I’ve been thinking about food. Seems to me food, place, story, and language are crucial ingredients of family and culture. Each provides a marker for the construction of self, and aids us in the great task of understanding our place in the ongoing history of a people.
My mom could not cook. Actually, that is not quite so; if she followed a recipe she usually did fine. Most of the time though she cooked whatever she ate growing up. Vegetables were overcooked or fried, grains, other than bread, were largely absent, and the meet tough.
My dad, on the other hand, was an excellent cook. Meals he prepared were far superior to my mom’s efforts, and she knew and acknowledged this. He used spices, grains, and complex flavors in his dishes. Mostly they were drawn from Eastern Woodlands Native cuisine, and favored the Three Sisters of corn, beans, and squash. That said, his hamburgers were divine, as was his turkey. Unlike mom, he downplayed fried foods, and used cheese as a tasty garnish.
When my mom prepared dinner, we bolted through the meal and were quickly out the door. When my dad cooked, my sister and I stayed at the table and ate; scrumptious food is a table magnet.
Mom’s cuisine was Texas settler, decidedly southern and greasy. The fiery heat we so often associate with Texas was entirely absent. Dad’s recipes came from Native traditions of the Illinois and Indiana land we lived on. In summer, our backyard, adjacent the railroad tracks, was a vibrant garden, the likes of which I have never been able to reproduce. Most meals came from that garden, supplemented with ingredients from the store. We were poor, although I did not really understand that, yet we ate well.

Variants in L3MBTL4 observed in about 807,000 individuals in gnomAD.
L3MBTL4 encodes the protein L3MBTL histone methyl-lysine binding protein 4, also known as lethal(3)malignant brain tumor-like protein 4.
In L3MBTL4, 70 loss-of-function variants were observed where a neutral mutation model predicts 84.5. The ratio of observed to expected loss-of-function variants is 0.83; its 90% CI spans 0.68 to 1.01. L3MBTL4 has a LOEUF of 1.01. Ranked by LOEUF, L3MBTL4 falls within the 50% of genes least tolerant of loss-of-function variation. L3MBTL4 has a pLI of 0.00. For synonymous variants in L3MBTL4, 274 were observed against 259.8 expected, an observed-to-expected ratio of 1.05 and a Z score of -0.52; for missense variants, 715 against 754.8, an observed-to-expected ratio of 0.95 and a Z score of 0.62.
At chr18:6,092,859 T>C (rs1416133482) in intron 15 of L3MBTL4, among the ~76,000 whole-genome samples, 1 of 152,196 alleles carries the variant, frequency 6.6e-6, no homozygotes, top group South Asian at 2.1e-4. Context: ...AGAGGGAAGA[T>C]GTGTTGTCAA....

Dad was an adult education teacher at our church, his stories, morals, and humor all seemingly grounded in our garden’s soil. He excelled at using the garden as metaphor, placing himself in a timeless Native tradition. He also hunted and foraged, he and mom often stopping the car to gather crab apples or berries alongside the road.
The one kitchen skill in which mom excelled was making desert, a skill my father failed to master. To the extent there was competition between them, and there was, mom was the clear winner when it came to anything sweet. Perhaps this was because dad wasn’t drawn to sweets, outside cobblers and pies. I tend toward his tastes, and would almost always choose pie over any cake, no matter how decadent.
As I write, I am reminded of meals on the family farm, simple and delicious, filling and deeply satisfying. One gets hungry doing farm work. Usually, either lunch or dinner concluded with a freshly balked fruit pie. When possible, the fruit was seasonal, but many fruits were canned for use in the winter. Oddly, my aunt and grandmother seldom baked bread, preferring the soft , white, tasteless fare bought at the store.
Meals on the farm perfectly integrated Native and European, reflecting the cultures of my aunt and uncle. Meals were a time for chatting, planning the next tasks, and savoring the day’s delicious spread. The atmosphere was warm, often playful, and deeply loving, soothing one’s soul, and bringing together the best of both cultures.